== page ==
Thursday, Dec. 8, 2011 | 5:30 p.m.
Dana White fireside chat part 1
Dana White fireside chat part 2
- UFC 140 breakdown, betting odds and picks
- Tito Ortiz making retirement plans in advance of UFC 140
- UFC 140’s Mark Hominick feels like ‘an overnight success’ after last fight
- Frank Mir has ‘unfinished business’ with Antonio Rodrigo Nogueira at UFC 140
- UFC 140: A glance at the pay-per-view card headlined by Jon Jones, Frank Mir
- Jon Jones will fight Lyoto Machida at UFC 140
- Jon Jones immediately bombarded with Rashad Evans talk after UFC 135 win
- Randy Couture hospitalized but upbeat after loss to Lyoto Machida
- Defensive-minded Machida looks forward to title defenses
- UFC 140 section
- All MMA/boxing coverage
TORONTO — If Lyoto Machida can defy the odds and defeat Jon Jones in the UFC 140 main event Saturday at the Air Canada Centre, the Brazilian would become the most improbable champion of 2011.
No one expected the 32-year old Machida to receive a light heavyweight title shot this year, let alone have a chance to win the 205-pound division’s belt. Not even Machida (17-2 MMA, 9-2 UFC) himself envisioned a scenario where he would challenge the 24-year old Jones (14-1 MMA, 8-1 UFC) before 2012.
“It was a big surprise,” Machida said through a translator.
It usually takes prolonged winning streaks of at least three or four victories for a fighter to get the opportunity of a championship bout in the UFC. Machida has won only once since 2010, knocking out Randy Couture in the second round at UFC 129.
He had lost his two previous fights before that. Although Machida was a former champion and one of the best light heavyweights in the world, UFC President Dana White said earlier this year he was a victory or two away from a fight with Jones.
But timing worked in Machida’s favor. The UFC desperately needed a fight to headline its second Toronto pay-per-view card of the year.
Jones was the promotion’s healthiest star, but anointed No. 1 contender Rashad Evans was out nursing a hand injury. White pitched the idea of fighting Machida, who was in the middle of a layoff since his last fight, to Jones.
“I look at it this way: There are certain guys who I’m going to fight no matter what — Lyoto, Rashad, (Dan) Henderson,” Jones explained. “These fights are going to happen eventually, so it doesn’t matter what order they come in.”
The danger, which doesn’t seem to concern Jones, would come if he lost to a fighter like Machida who hadn’t earned the right to fight for the title in a traditional sense. Despite sports books installing Machida as a 4-to-1 underdog, he could have the best chance of any light heavyweight to dethrone Jones.
Machida’s elusive, counter-punching style has confused opponents greatly for the better part of his career. He went unbeaten in his first 16 fights by adding new twists to a traditional karate style.
Machida’s strengths are in a discipline Jones admitted he knew little about.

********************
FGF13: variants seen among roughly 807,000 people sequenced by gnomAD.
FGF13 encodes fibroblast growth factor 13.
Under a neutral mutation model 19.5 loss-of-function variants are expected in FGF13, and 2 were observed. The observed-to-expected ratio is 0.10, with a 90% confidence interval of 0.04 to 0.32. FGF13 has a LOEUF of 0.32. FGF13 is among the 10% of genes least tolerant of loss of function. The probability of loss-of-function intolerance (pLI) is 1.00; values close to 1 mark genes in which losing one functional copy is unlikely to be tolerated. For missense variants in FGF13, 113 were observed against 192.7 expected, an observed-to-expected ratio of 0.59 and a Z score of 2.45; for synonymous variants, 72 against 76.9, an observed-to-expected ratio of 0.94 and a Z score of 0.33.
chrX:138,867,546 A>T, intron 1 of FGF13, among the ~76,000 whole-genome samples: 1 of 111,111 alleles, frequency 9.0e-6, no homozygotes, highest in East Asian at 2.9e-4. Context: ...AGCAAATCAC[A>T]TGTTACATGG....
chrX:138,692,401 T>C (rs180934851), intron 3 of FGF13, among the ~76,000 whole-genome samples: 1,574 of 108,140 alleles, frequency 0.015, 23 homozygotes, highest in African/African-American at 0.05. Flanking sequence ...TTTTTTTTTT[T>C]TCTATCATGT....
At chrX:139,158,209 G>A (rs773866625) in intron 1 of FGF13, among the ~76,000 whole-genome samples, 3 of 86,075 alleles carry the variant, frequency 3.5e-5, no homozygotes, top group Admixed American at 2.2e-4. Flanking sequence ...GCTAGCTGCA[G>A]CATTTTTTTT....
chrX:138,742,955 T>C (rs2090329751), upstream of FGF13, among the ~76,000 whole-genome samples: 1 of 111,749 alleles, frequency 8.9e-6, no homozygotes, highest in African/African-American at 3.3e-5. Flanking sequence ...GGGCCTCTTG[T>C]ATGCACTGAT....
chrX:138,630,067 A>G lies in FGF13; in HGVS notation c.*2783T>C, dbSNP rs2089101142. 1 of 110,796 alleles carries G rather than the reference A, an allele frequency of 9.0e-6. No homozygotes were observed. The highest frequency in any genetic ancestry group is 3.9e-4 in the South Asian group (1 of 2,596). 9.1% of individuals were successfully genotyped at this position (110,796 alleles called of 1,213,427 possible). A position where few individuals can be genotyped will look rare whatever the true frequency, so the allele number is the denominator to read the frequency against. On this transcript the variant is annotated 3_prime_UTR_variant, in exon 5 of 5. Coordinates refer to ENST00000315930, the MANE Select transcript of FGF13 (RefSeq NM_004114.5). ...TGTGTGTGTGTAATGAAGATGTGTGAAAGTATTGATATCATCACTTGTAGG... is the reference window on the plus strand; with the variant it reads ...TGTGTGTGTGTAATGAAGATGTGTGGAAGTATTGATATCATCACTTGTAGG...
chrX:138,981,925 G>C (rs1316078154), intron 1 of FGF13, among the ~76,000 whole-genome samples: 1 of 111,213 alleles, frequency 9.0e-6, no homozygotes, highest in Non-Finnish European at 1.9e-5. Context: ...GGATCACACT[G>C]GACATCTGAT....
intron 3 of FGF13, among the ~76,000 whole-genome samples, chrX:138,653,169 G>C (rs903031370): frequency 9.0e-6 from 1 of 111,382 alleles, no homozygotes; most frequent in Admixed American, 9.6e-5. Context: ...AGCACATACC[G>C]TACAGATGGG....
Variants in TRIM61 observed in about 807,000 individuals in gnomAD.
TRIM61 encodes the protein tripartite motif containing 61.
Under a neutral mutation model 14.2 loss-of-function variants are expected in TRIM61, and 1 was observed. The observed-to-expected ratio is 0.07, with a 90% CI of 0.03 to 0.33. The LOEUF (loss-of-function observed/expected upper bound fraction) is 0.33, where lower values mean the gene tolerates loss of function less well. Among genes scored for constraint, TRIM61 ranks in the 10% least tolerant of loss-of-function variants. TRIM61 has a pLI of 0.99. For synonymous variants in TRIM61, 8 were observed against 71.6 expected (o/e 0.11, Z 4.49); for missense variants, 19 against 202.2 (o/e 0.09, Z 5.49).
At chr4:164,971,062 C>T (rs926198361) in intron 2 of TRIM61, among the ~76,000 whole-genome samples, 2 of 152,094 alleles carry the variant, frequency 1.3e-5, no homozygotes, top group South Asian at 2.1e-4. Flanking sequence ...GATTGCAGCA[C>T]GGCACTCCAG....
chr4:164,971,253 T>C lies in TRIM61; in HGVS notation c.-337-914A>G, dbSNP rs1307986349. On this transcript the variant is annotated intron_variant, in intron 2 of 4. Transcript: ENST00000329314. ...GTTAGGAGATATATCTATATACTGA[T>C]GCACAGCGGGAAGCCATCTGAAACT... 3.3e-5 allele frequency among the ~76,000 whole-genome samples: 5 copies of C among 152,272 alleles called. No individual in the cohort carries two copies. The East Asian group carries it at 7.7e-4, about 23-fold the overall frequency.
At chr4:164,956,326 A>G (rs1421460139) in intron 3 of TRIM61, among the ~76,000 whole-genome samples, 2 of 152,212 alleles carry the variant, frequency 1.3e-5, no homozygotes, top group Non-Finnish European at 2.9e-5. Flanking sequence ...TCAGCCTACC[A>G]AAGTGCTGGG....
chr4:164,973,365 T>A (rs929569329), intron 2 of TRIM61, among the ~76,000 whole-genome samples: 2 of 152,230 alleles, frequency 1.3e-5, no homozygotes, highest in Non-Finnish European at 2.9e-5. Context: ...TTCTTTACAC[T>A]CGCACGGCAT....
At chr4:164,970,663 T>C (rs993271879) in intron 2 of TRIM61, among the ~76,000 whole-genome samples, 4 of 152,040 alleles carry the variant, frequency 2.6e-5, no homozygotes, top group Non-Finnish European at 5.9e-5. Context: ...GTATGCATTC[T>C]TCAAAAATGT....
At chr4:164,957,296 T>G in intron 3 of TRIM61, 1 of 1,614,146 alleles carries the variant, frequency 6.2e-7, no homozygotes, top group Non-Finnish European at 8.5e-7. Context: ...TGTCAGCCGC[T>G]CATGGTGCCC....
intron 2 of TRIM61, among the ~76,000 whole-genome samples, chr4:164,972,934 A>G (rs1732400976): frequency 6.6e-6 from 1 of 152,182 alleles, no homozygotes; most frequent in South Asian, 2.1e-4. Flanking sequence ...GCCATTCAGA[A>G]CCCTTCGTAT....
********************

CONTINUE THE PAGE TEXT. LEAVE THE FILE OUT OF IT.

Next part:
“Not leading up to this fight,” Jones joked when asked if he trained specifically in karate. “But I took taekwondo when I was a kid for like two weeks.”
Jones said he found several exploitable tendencies in Machida’s game through vigorous film study. Jones understandably didn’t want to share them, but he’s exuded confidence every time he’s talked about Machida.
Machida believes he has some advantages of his own, namely experience and technique.
“I changed a lot,” Machida said. “After losing, at the time you don’t understand why you’re going through this and you think it’s going to be forever. But looking back, you learn a lot from losing and you mature. I think I’ve changed. I’ve added a lot of things to my training.”
Machida had plenty of time to tinker with his approach while waiting for a fight. He asked the UFC for a quick turnaround after beating Couture, but all of the top light heavyweights were tied up with scheduled fights.
Machida nearly faced Evans as a last-minute replacement for Phil Davis at UFC 133 before a well-publicized spat with the UFC led to Tito Ortiz taking the opportunity. White also momentarily announced a fight between Machida and Davis for UFC 140 before finding out Davis was still injured.
Possibilities like those were thrown around for six months before Machida landed the Jones assignment.
“I was training the whole time but with no fight commitment, it was nothing specific,” Machida said.
Machida was beginning to get frustrated and questioned the UFC’s motives in keeping him out to a Brazilian media outlet in early October. He received the Jones offer days later, which turned aggravation into elation.
White never second-guessed leaping Machida up the ranks for the title shot. Machida’s accomplishments throughout his entire career, according to White, make the opportunity warranted.
“Lyoto has been itching to get back in there,” White said. “He wanted this fight really bad and this is a fun one.”
“I love this fight. I think, stylistically, this is an incredible fight. I think both guys have a very flashy and interesting style.”